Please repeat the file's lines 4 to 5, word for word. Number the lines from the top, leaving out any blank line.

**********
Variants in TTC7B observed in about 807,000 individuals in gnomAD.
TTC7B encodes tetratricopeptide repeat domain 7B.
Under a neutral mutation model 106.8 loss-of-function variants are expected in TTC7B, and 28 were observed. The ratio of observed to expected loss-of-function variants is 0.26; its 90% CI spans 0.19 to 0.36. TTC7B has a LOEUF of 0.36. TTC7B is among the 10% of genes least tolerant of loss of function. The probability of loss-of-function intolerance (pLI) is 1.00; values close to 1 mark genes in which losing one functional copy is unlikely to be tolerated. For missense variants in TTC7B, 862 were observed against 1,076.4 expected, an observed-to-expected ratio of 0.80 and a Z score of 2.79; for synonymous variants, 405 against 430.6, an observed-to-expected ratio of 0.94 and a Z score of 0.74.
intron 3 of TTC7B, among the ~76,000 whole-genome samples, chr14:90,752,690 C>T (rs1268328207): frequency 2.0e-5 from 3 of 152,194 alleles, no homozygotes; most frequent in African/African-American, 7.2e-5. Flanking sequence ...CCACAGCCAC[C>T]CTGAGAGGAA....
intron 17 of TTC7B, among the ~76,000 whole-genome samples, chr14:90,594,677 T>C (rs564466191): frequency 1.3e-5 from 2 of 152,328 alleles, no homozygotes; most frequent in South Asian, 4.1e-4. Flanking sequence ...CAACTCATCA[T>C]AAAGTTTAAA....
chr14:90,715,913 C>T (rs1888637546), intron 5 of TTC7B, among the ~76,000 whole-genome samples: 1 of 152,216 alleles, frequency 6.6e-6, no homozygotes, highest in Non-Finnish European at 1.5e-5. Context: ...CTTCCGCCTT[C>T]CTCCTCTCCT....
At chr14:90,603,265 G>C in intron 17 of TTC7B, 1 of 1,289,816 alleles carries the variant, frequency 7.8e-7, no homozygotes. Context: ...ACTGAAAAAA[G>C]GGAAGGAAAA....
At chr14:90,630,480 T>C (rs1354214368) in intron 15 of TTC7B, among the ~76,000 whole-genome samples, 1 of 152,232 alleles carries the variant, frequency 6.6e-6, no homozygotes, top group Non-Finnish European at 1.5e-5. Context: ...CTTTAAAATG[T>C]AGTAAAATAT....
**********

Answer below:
intron 3 of TTC7B, among the ~76,000 whole-genome samples, chr14:90,752,690 C>T (rs1268328207): frequency 2.0e-5 from 3 of 152,194 alleles, no homozygotes; most frequent in African/African-American, 7.2e-5. Flanking sequence ...CCACAGCCAC[C>T]CTGAGAGGAA....
intron 17 of TTC7B, among the ~76,000 whole-genome samples, chr14:90,594,677 T>C (rs564466191): frequency 1.3e-5 from 2 of 152,328 alleles, no homozygotes; most frequent in South Asian, 4.1e-4. Flanking sequence ...CAACTCATCA[T>C]AAAGTTTAAA....